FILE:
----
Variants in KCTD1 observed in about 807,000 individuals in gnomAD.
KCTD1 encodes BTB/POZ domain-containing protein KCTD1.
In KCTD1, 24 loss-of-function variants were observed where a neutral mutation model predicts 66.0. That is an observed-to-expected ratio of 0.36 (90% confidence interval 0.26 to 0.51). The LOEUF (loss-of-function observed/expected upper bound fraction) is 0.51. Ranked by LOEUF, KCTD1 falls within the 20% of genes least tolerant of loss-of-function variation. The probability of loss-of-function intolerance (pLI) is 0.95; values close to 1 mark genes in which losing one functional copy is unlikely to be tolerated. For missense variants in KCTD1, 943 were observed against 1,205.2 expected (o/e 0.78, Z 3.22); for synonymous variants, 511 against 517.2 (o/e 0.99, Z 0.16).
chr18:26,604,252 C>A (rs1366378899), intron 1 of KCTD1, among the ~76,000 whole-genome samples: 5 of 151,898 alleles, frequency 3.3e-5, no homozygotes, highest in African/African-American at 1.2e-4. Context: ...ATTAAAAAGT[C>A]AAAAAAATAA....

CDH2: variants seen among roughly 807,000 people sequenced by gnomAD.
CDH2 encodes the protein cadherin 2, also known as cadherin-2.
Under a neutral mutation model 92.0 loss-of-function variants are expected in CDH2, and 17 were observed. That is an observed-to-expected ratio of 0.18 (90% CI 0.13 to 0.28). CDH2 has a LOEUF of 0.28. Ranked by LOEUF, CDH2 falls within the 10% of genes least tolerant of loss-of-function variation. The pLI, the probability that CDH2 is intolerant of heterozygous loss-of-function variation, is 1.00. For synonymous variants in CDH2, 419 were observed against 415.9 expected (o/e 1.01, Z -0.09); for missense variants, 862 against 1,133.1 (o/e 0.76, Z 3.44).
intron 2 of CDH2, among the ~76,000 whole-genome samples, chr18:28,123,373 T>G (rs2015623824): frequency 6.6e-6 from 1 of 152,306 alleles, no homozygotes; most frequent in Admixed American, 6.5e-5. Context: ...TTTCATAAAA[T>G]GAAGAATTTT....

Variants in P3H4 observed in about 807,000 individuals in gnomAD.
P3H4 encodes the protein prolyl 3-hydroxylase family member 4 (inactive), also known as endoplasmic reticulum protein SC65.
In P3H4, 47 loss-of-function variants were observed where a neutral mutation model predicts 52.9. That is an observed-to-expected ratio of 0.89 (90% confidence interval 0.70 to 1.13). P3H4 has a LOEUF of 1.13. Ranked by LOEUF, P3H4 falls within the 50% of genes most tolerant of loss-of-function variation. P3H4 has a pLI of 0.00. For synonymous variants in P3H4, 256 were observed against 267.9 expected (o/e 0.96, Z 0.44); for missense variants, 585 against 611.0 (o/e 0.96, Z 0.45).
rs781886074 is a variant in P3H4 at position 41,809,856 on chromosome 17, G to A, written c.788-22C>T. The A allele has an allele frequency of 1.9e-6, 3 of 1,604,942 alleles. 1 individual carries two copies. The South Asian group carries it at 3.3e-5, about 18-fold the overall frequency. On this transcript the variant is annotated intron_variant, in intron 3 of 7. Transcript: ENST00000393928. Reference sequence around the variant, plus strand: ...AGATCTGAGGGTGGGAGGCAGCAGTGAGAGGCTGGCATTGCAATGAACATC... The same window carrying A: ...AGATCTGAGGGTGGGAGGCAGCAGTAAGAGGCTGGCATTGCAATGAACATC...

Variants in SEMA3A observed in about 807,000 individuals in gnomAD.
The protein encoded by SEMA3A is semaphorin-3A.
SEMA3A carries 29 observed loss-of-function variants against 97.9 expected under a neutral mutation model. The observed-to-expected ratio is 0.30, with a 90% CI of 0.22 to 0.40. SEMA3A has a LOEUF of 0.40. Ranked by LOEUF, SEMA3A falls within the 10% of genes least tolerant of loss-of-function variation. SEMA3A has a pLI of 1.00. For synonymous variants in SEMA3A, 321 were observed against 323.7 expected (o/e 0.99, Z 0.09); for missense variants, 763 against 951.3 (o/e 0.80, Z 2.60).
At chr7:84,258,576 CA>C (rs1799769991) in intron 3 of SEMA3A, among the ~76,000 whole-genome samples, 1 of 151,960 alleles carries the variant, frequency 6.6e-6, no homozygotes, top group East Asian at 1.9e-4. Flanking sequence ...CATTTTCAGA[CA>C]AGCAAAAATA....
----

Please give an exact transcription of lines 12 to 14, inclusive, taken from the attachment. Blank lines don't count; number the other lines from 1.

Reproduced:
rs781886074 is a variant in P3H4 at position 41,809,856 on chromosome 17, G to A, written c.788-22C>T. The A allele has an allele frequency of 1.9e-6, 3 of 1,604,942 alleles. 1 individual carries two copies. The South Asian group carries it at 3.3e-5, about 18-fold the overall frequency. On this transcript the variant is annotated intron_variant, in intron 3 of 7. Transcript: ENST00000393928. Reference sequence around the variant, plus strand: ...AGATCTGAGGGTGGGAGGCAGCAGTGAGAGGCTGGCATTGCAATGAACATC... The same window carrying A: ...AGATCTGAGGGTGGGAGGCAGCAGTAAGAGGCTGGCATTGCAATGAACATC...

Variants in SEMA3A observed in about 807,000 individuals in gnomAD.
The protein encoded by SEMA3A is semaphorin-3A.